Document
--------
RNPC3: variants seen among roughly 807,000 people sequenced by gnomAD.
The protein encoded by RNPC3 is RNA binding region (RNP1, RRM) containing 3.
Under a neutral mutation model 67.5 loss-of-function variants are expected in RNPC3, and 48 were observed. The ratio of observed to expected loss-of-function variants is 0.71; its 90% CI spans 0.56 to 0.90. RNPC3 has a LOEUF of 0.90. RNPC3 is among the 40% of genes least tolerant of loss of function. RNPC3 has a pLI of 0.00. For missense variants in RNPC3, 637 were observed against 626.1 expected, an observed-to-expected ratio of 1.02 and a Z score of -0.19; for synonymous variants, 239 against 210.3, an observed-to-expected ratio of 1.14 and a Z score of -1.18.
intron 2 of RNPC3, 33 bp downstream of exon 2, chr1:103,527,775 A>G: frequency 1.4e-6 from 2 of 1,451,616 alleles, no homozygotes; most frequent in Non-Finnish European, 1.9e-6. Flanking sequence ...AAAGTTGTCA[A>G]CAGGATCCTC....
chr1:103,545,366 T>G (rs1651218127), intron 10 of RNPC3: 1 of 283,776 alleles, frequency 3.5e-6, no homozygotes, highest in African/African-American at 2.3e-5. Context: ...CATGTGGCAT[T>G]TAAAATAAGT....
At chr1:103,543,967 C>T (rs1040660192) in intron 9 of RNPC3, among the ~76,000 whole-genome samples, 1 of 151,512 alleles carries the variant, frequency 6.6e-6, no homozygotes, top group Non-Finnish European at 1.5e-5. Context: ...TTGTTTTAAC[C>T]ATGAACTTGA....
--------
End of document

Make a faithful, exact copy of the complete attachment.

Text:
RNPC3: variants seen among roughly 807,000 people sequenced by gnomAD.
The protein encoded by RNPC3 is RNA binding region (RNP1, RRM) containing 3.
Under a neutral mutation model 67.5 loss-of-function variants are expected in RNPC3, and 48 were observed. The ratio of observed to expected loss-of-function variants is 0.71; its 90% CI spans 0.56 to 0.90. RNPC3 has a LOEUF of 0.90. RNPC3 is among the 40% of genes least tolerant of loss of function. RNPC3 has a pLI of 0.00. For missense variants in RNPC3, 637 were observed against 626.1 expected, an observed-to-expected ratio of 1.02 and a Z score of -0.19; for synonymous variants, 239 against 210.3, an observed-to-expected ratio of 1.14 and a Z score of -1.18.
intron 2 of RNPC3, 33 bp downstream of exon 2, chr1:103,527,775 A>G: frequency 1.4e-6 from 2 of 1,451,616 alleles, no homozygotes; most frequent in Non-Finnish European, 1.9e-6. Flanking sequence ...AAAGTTGTCA[A>G]CAGGATCCTC....
chr1:103,545,366 T>G (rs1651218127), intron 10 of RNPC3: 1 of 283,776 alleles, frequency 3.5e-6, no homozygotes, highest in African/African-American at 2.3e-5. Context: ...CATGTGGCAT[T>G]TAAAATAAGT....
At chr1:103,543,967 C>T (rs1040660192) in intron 9 of RNPC3, among the ~76,000 whole-genome samples, 1 of 151,512 alleles carries the variant, frequency 6.6e-6, no homozygotes, top group Non-Finnish European at 1.5e-5. Context: ...TTGTTTTAAC[C>T]ATGAACTTGA....